It is rare that a chairman of a regulatory commission defies the wishes of a powerful subcommittee chairman in Congress, and rarer still when he presses forward with a regulation opposed by his party, the administration who appointed him, and substantial portions of the regulated industry. But that's what appears to be happening at the Securities and Exchange Commission.
The issue is the so-called trade-through rule, which requires that an investor trade at the best price in the market before trading at inferior prices. SEC Chairman William Donaldson is pressing ahead with a plan to apply the rule--which now only applies to stocks listed on the New York Stock Exchange and other registered exchanges--to Nasdaq. His plan is opposed by Nasdaq itself, as well as the automated markets (known as ECNs) that trade Nasdaq securities, and many institutional and other investors who have found Nasdaq to be a flexible and competitive market because of the absence of a trade-through rule. Despite a request from Richard Baker, chair of the House Subcommittee on Capital Markets, who has called the rule "the worst public policy I have seen proposed for the markets in my years in Congress," Chairman Donaldson has scheduled a vote on the rule for April 6. And if he is successful in getting the rule adopted, it will only be with the support of the two Democratic commissioners. The Republicans appointed by President Bush will vote no.
In an effort to spiff-up his plan, Chairman Donaldson has rechristened the rule the "Best Price Rule," but this is misleading. The best price in the market at any moment may not be best price for a particular investor. For example, under the rule a buyer who wants to pay $20.05 for 10,000 shares of XYZ Corp cannot trade at that price in one market when another is offering 100 shares at $20.00. This sounds reasonable, if price is the sole determinant. But what if the market offering 10,000 shares at $20.05 can execute the trade in milliseconds, while the other takes minutes to buy 100 shares at $20? By the time that trade has been effected the offer of $20.05 may be gone, and the new market price for 10,000 shares is $20.10. Has the rule then really allowed the investor to get the best price? By dumbing down the choice to a single variable--price--the trade-through rule reduces the options of investors and undermines competition among markets for the trading interest of investors.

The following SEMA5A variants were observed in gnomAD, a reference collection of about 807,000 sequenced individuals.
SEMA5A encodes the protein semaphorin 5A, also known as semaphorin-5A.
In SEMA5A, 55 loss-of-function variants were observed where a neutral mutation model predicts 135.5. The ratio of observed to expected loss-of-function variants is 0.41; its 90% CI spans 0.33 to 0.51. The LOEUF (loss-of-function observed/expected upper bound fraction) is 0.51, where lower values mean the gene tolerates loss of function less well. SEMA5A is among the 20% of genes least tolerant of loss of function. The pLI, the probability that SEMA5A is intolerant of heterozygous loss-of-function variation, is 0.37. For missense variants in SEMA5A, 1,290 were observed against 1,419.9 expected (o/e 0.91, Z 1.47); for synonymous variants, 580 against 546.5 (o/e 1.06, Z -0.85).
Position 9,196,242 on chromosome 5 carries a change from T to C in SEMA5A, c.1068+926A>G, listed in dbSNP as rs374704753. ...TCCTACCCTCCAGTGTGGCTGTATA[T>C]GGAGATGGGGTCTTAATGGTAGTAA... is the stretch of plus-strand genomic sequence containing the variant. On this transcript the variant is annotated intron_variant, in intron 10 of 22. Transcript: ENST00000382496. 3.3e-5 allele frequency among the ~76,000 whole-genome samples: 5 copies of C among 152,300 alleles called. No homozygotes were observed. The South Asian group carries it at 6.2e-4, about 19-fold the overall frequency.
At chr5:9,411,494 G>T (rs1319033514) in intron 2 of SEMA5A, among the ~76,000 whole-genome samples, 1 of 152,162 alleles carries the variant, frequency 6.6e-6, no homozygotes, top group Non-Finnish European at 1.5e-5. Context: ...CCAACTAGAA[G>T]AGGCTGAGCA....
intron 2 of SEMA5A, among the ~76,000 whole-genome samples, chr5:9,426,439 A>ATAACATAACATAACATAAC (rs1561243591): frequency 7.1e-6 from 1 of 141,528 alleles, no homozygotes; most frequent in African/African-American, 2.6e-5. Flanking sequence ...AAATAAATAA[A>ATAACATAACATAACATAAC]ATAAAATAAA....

The interesting question in all this is why William Donaldson is willing to brave the humiliation that will come from defying Congress, the administration, and the views of much of the industry he regulates. None of his published arguments provides an answer, since the rationale is so weak. First, he sees the rule as a supplement to the broker's requirement to effect "best execution" of a customer's order--that's why he labels it the Best Price Rule--but for the aforementioned reasons best execution is not synonymous with the best price. And indeed, because of the difficulty of determining what is best execution for a particular investor, the SEC has never used the trade-through rule to bring a best execution case against a broker.
He also claims the rule will protect retail limit orders--orders to buy or sell at a specific price--from being bypassed. And perhaps it will, but at the cost of market efficiency. The SEC's own data shows that trade-throughs--where a limit order is bypassed in favor of an inferior price--are relatively rare events, occurring less than 2% of the time. To prevent this from happening, however, the entire market would have to be funneled to this 2%. It's as though no one could buy eggs at more than $1 a dozen, irrespective of quality, until all the eggs at that price have been bought. No wonder that the big retail discount brokers, Schwab and Ameritrade--whose customers place the limit orders that the rule is intended to protect--oppose the rule.
Finally, Chairman Donaldson argues that the rule encourages the placement of limit orders and thus enhances liquidity. The implication is that investors will not place limit orders without the protection of the rule. Oddly, however, those who place most of the limit orders and most rely on the existence of market liquidity--institutional investors like Fidelity--oppose extending the rule. They argue that the Nasdaq market, without a trade-through rule, is a better market than the NYSE--where the rule is now applicable.
Our securities markets serve as one of the cornerstones for President Bush's vision of an Ownership Society, a program that will in part reduce the role of the government in directing the choices Americans make about their lives. How ironic it would be if, in this administration, the SEC adopts a regulation that does the opposite, extending regulation to Nasdaq--a market that is functioning well without SEC intervention.
Peter J. Wallison is a resident fellow at AEI and a former general counsel of the Treasury. Mr. Selway is managing director of White Cap Trading.